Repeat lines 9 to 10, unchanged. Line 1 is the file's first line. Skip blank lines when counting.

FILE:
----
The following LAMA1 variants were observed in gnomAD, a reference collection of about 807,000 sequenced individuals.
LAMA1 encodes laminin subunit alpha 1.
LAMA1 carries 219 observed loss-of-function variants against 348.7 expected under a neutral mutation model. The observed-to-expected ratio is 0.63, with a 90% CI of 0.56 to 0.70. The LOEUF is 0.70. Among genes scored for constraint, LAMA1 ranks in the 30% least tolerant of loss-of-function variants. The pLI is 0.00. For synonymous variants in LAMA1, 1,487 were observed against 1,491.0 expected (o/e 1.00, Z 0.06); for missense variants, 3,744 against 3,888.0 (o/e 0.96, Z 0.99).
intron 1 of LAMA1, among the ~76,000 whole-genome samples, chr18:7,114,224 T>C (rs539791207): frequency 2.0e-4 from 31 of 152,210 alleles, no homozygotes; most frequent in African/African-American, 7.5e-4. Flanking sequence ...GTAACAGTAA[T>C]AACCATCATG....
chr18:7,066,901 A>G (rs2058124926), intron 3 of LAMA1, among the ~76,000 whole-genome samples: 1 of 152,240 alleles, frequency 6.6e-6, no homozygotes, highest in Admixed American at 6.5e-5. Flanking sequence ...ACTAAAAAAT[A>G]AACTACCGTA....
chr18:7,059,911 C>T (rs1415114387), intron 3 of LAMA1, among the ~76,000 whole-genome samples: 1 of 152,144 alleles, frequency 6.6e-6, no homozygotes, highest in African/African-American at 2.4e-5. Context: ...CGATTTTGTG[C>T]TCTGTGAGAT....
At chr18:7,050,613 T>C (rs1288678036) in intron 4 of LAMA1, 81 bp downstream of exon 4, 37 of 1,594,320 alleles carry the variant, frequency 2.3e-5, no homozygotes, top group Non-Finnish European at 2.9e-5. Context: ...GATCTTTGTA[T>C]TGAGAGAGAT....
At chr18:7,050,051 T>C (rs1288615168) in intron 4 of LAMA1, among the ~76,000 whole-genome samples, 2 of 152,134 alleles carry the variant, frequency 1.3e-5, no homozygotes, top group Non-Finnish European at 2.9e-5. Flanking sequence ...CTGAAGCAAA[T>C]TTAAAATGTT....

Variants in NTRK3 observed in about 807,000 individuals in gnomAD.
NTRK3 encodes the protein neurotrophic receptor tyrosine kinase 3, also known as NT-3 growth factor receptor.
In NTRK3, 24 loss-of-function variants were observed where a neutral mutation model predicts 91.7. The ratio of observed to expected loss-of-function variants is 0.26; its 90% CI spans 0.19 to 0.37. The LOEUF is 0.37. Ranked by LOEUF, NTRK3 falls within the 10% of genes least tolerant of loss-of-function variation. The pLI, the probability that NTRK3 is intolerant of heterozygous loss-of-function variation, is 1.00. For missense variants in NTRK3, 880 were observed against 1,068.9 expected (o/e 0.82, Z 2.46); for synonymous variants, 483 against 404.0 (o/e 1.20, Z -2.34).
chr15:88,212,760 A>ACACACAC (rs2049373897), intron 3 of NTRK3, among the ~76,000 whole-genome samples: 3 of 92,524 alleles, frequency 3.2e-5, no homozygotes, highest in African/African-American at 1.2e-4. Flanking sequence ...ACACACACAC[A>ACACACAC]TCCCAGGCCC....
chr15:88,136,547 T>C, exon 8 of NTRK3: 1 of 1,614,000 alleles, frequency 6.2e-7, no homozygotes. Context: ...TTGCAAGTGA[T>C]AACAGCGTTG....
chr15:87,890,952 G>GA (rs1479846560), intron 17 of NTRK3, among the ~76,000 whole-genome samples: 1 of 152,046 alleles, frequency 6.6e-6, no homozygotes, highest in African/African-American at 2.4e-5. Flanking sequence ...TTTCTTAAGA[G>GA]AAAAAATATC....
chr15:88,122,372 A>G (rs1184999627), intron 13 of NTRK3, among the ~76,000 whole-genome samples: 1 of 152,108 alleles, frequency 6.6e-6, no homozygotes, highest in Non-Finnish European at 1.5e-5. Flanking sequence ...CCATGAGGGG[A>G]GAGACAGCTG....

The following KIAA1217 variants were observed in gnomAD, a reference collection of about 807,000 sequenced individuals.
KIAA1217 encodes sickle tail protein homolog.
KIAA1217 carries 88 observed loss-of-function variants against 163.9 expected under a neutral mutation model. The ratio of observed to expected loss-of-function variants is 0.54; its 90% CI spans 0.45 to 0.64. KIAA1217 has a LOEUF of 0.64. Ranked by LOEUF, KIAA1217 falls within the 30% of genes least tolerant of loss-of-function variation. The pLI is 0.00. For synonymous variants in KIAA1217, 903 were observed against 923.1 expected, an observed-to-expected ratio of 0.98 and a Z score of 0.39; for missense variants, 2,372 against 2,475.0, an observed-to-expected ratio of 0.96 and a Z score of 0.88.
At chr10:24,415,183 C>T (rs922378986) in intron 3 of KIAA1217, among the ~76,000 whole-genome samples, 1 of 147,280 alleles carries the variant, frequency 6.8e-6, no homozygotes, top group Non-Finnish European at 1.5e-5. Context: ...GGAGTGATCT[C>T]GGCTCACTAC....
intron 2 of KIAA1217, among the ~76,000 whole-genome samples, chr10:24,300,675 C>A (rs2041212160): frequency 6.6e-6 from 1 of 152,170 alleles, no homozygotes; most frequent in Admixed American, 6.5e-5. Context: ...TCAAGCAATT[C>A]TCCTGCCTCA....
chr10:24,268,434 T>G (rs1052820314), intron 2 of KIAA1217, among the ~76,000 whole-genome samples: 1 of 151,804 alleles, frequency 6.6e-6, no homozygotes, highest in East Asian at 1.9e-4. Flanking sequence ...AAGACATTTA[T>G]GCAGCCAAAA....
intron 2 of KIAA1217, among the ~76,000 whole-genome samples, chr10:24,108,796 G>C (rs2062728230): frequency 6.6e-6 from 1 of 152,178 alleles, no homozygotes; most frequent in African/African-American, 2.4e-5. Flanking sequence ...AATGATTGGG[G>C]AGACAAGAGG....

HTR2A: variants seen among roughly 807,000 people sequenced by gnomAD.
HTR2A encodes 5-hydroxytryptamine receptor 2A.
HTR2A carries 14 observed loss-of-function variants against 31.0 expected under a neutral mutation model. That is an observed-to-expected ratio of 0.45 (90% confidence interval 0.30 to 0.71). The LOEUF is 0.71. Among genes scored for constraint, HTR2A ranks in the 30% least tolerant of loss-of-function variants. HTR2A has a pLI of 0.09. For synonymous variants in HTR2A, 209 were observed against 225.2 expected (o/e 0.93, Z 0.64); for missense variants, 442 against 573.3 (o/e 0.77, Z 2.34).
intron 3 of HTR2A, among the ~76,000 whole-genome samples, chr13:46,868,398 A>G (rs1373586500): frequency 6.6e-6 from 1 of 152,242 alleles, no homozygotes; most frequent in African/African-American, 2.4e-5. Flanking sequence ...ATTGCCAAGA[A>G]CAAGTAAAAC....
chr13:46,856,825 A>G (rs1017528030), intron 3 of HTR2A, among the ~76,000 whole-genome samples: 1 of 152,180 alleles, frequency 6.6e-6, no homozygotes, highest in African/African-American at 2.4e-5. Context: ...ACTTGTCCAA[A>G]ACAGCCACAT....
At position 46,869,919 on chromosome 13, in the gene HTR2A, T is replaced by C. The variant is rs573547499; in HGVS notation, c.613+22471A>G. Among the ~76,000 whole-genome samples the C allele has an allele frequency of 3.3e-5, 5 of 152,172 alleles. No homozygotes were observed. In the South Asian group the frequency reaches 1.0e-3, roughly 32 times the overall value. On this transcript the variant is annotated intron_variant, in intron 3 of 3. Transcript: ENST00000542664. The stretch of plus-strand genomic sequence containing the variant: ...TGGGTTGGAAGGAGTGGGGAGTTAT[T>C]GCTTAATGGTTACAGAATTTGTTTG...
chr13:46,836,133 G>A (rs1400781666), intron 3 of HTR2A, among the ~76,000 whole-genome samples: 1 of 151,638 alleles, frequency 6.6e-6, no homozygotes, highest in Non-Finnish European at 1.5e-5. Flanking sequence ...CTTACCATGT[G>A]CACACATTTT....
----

Variants in NTRK3 observed in about 807,000 individuals in gnomAD.
NTRK3 encodes the protein neurotrophic receptor tyrosine kinase 3, also known as NT-3 growth factor receptor.